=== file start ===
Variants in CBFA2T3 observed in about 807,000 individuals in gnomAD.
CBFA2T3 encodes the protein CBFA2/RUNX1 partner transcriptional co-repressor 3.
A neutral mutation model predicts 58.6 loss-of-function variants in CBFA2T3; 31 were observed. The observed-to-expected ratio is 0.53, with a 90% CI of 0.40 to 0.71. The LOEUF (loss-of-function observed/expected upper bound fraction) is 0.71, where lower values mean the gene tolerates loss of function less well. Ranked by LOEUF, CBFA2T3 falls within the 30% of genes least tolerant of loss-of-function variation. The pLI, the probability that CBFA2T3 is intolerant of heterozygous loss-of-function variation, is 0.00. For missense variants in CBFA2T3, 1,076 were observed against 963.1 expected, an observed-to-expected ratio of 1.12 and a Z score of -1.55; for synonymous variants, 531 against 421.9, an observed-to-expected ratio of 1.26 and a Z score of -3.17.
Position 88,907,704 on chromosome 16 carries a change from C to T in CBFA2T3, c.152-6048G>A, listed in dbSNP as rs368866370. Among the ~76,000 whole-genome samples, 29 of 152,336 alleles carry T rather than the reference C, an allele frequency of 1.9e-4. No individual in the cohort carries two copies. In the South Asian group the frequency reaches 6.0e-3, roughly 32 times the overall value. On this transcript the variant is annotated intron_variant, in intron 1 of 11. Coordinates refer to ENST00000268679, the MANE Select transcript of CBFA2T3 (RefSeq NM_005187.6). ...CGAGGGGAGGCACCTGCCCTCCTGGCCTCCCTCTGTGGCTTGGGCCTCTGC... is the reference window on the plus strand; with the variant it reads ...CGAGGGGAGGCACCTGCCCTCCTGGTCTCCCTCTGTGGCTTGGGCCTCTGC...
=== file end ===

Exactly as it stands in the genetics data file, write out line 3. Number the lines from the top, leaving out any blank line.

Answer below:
A neutral mutation model predicts 58.6 loss-of-function variants in CBFA2T3; 31 were observed. The observed-to-expected ratio is 0.53, with a 90% CI of 0.40 to 0.71. The LOEUF (loss-of-function observed/expected upper bound fraction) is 0.71, where lower values mean the gene tolerates loss of function less well. Ranked by LOEUF, CBFA2T3 falls within the 30% of genes least tolerant of loss-of-function variation. The pLI, the probability that CBFA2T3 is intolerant of heterozygous loss-of-function variation, is 0.00. For missense variants in CBFA2T3, 1,076 were observed against 963.1 expected, an observed-to-expected ratio of 1.12 and a Z score of -1.55; for synonymous variants, 531 against 421.9, an observed-to-expected ratio of 1.26 and a Z score of -3.17.